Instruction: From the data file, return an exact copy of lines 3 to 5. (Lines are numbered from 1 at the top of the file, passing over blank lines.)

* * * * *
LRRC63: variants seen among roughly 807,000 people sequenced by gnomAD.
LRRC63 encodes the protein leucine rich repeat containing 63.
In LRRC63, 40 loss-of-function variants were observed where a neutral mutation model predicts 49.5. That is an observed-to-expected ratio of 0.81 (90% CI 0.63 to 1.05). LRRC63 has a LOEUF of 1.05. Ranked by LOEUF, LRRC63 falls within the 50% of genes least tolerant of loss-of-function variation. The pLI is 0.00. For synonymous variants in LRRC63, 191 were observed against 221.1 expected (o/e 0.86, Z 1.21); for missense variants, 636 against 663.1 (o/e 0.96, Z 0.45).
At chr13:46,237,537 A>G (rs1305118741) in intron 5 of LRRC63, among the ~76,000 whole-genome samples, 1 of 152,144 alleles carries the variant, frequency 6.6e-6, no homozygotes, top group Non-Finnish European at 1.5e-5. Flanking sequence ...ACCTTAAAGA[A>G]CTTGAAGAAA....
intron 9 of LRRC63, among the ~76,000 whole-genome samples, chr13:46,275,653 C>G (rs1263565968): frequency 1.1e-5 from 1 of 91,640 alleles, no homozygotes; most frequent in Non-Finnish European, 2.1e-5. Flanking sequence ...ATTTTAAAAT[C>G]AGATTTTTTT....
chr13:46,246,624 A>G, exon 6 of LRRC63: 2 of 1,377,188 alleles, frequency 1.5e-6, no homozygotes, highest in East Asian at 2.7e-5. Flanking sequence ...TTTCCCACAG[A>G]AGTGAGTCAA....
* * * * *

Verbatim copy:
In LRRC63, 40 loss-of-function variants were observed where a neutral mutation model predicts 49.5. That is an observed-to-expected ratio of 0.81 (90% CI 0.63 to 1.05). LRRC63 has a LOEUF of 1.05. Ranked by LOEUF, LRRC63 falls within the 50% of genes least tolerant of loss-of-function variation. The pLI is 0.00. For synonymous variants in LRRC63, 191 were observed against 221.1 expected (o/e 0.86, Z 1.21); for missense variants, 636 against 663.1 (o/e 0.96, Z 0.45).
At chr13:46,237,537 A>G (rs1305118741) in intron 5 of LRRC63, among the ~76,000 whole-genome samples, 1 of 152,144 alleles carries the variant, frequency 6.6e-6, no homozygotes, top group Non-Finnish European at 1.5e-5. Flanking sequence ...ACCTTAAAGA[A>G]CTTGAAGAAA....
intron 9 of LRRC63, among the ~76,000 whole-genome samples, chr13:46,275,653 C>G (rs1263565968): frequency 1.1e-5 from 1 of 91,640 alleles, no homozygotes; most frequent in Non-Finnish European, 2.1e-5. Flanking sequence ...ATTTTAAAAT[C>G]AGATTTTTTT....